Some Strange Weather in the Works for This Weekend of April 7 and 8 (4:17pm, Thursday, April 5, 2018)
Find this article at: go.ncsu.edu/readext?519636
— Written By Barclay Poling en Español
El inglés es el idioma de control de esta página. En la medida en que haya algún conflicto entre la traducción al inglés y la traducción, el inglés prevalece.
Al hacer clic en el enlace de traducción se activa un servicio de traducción gratuito para convertir la página al español. Al igual que con cualquier traducción por Internet, la conversión no es sensible al contexto y puede que no traduzca el texto en su significado original. NC State Extension no garantiza la exactitud del texto traducido. Por favor, tenga en cuenta que algunas aplicaciones y/o servicios pueden no funcionar como se espera cuando se traducen.
English is the controlling language of this page. To the extent there is any conflict between the English text and the translation, English controls.
Clicking on the translation link activates a free translation service to convert the page to Spanish. As with any Internet translation, the conversion is not context-sensitive and may not translate the text to its original meaning. NC State Extension does not guarantee the accuracy of the translated text. Please note that some applications and/or services may not function as expected when translated.
Fig. 1. It was 27 F this morning at Danny Van Meter’s farm in Kentucky!
A grower from Roper, NC (the Inner Banks of NC), just now sent Mark and I an interesting note:
I just looked at my AWIS Edenton and Ahoskie, NC and had flashbacks of April 8, 2007[Easter Sunday]. The difference is it looks like a windy cold. I’m thinking that we will put on our covers tomorrow evening (Friday), let it rain on them Saturday, and if they don’t dry before it gets critical Saturday night and Sunday morning start overhead irrigation. Scot Luton, Roper, NC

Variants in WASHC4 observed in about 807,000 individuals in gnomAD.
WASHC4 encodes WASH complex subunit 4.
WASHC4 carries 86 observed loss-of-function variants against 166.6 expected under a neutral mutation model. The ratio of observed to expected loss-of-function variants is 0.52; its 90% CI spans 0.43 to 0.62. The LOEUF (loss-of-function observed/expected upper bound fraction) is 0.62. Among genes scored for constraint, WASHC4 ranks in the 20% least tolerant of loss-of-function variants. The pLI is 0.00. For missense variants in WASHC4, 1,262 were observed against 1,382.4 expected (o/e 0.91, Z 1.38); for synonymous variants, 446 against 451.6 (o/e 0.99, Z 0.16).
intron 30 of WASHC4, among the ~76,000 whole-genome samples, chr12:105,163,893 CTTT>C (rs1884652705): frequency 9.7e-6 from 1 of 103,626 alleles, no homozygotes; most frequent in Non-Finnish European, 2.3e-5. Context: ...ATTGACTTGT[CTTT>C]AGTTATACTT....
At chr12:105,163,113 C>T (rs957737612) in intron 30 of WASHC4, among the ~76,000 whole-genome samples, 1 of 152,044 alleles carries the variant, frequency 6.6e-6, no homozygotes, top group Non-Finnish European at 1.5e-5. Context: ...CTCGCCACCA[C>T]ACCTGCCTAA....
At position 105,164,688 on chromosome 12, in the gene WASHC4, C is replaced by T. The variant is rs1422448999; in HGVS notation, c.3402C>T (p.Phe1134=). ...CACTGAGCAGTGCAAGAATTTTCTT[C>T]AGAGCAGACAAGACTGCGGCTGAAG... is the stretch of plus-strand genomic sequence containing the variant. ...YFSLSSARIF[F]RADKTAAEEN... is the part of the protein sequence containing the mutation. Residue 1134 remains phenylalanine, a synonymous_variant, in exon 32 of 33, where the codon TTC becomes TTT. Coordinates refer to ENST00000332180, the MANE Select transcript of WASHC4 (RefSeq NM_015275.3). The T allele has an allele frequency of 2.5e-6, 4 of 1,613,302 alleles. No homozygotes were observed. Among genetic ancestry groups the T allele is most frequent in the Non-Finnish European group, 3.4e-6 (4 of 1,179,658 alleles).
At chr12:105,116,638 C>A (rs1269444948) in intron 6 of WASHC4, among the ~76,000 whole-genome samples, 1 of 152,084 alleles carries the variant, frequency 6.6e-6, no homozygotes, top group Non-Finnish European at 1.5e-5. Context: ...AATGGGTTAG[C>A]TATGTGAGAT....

I just sent Scot a note at 3 p.m. this Thursday stating that:
1) the really great news is that this is definitely NOT shaping up like Easter Freeze of 2007 (with howling winds and temps in teens) – though it is very curious how this particular event it is falling on Saturday, April 7 and Sunday, April 8, as it did in 2007!
2) After studying your situation in Edenton and Ahoskie, I feel that your strategy is a good one:
a) put covers on Friday evening
b) Let it rain Saturday (they are expecting about 1/2 inch between 3P-12M – so, very unlikely the covers will be dry)
c) Monitor blossom temps under the covers on Sunday morning (if you have dig therm with thermocouple wire inserted in bloom) and if the blossoms start dipping below 32 F, start up sprinkling. The minimum for Roper NC may be around 31 F at 5 a.m. And, at that hour winds are “suppose to be” up around 4-5 mph and the dewpoint is hovering around 28-30. If those winds “lay down” there could be a damaging frost event!
d) I also said, “If you do not have dig therm, and the covers start to show signs of freezing up, run the irrigation!”
One thing that I do wish to quickly point out re: Scot’s situation is that in his favor is the FACT THAT HE HAS SPRINKLER IRRIGATION (after this spring season, and all the difficulties we’ve had with wet covers and frost events, I would definitely be in the market during the off-season for a sprinkler irrigation system as a back-up). The great thing about having sprinklers is that you can “add heat” back into the system by sprinkling (continuously) over the top of the covers. By doing this, you can keep the blossoms above 32 F. Without sprinklers, the wet row covers can “freeze up,” and that can be a real problem for any blossoms in direct contact with the iced-up covers — they will likely be killed.